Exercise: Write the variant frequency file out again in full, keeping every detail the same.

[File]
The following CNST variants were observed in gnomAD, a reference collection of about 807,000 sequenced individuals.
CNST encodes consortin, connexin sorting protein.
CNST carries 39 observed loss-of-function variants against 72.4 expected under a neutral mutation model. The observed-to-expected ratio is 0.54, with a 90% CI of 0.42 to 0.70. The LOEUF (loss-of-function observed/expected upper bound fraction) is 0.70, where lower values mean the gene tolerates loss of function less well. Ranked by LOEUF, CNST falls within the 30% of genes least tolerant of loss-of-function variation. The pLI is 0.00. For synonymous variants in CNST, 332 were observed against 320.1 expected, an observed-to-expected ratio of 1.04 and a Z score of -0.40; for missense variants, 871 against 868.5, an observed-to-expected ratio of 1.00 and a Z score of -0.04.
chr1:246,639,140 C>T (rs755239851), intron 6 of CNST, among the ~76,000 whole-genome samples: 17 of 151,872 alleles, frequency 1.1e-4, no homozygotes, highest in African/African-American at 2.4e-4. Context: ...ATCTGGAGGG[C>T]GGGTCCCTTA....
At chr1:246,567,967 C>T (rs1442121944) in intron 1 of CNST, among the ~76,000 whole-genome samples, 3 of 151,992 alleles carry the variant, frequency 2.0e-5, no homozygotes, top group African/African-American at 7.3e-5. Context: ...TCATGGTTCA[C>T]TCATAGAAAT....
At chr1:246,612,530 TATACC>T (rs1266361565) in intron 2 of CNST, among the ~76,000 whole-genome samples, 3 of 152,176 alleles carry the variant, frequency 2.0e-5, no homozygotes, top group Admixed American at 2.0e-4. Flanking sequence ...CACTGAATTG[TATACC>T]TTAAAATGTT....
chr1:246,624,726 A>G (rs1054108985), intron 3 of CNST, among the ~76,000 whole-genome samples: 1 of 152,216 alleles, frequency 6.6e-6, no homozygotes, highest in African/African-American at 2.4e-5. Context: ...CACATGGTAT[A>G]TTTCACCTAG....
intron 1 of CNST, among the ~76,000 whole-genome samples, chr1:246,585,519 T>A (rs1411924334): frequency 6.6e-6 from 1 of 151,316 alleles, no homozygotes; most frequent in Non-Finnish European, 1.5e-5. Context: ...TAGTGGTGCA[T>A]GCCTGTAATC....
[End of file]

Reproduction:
The following CNST variants were observed in gnomAD, a reference collection of about 807,000 sequenced individuals.
CNST encodes consortin, connexin sorting protein.
CNST carries 39 observed loss-of-function variants against 72.4 expected under a neutral mutation model. The observed-to-expected ratio is 0.54, with a 90% CI of 0.42 to 0.70. The LOEUF (loss-of-function observed/expected upper bound fraction) is 0.70, where lower values mean the gene tolerates loss of function less well. Ranked by LOEUF, CNST falls within the 30% of genes least tolerant of loss-of-function variation. The pLI is 0.00. For synonymous variants in CNST, 332 were observed against 320.1 expected, an observed-to-expected ratio of 1.04 and a Z score of -0.40; for missense variants, 871 against 868.5, an observed-to-expected ratio of 1.00 and a Z score of -0.04.
chr1:246,639,140 C>T (rs755239851), intron 6 of CNST, among the ~76,000 whole-genome samples: 17 of 151,872 alleles, frequency 1.1e-4, no homozygotes, highest in African/African-American at 2.4e-4. Context: ...ATCTGGAGGG[C>T]GGGTCCCTTA....
At chr1:246,567,967 C>T (rs1442121944) in intron 1 of CNST, among the ~76,000 whole-genome samples, 3 of 151,992 alleles carry the variant, frequency 2.0e-5, no homozygotes, top group African/African-American at 7.3e-5. Context: ...TCATGGTTCA[C>T]TCATAGAAAT....
At chr1:246,612,530 TATACC>T (rs1266361565) in intron 2 of CNST, among the ~76,000 whole-genome samples, 3 of 152,176 alleles carry the variant, frequency 2.0e-5, no homozygotes, top group Admixed American at 2.0e-4. Flanking sequence ...CACTGAATTG[TATACC>T]TTAAAATGTT....
chr1:246,624,726 A>G (rs1054108985), intron 3 of CNST, among the ~76,000 whole-genome samples: 1 of 152,216 alleles, frequency 6.6e-6, no homozygotes, highest in African/African-American at 2.4e-5. Context: ...CACATGGTAT[A>G]TTTCACCTAG....
intron 1 of CNST, among the ~76,000 whole-genome samples, chr1:246,585,519 T>A (rs1411924334): frequency 6.6e-6 from 1 of 151,316 alleles, no homozygotes; most frequent in Non-Finnish European, 1.5e-5. Context: ...TAGTGGTGCA[T>A]GCCTGTAATC....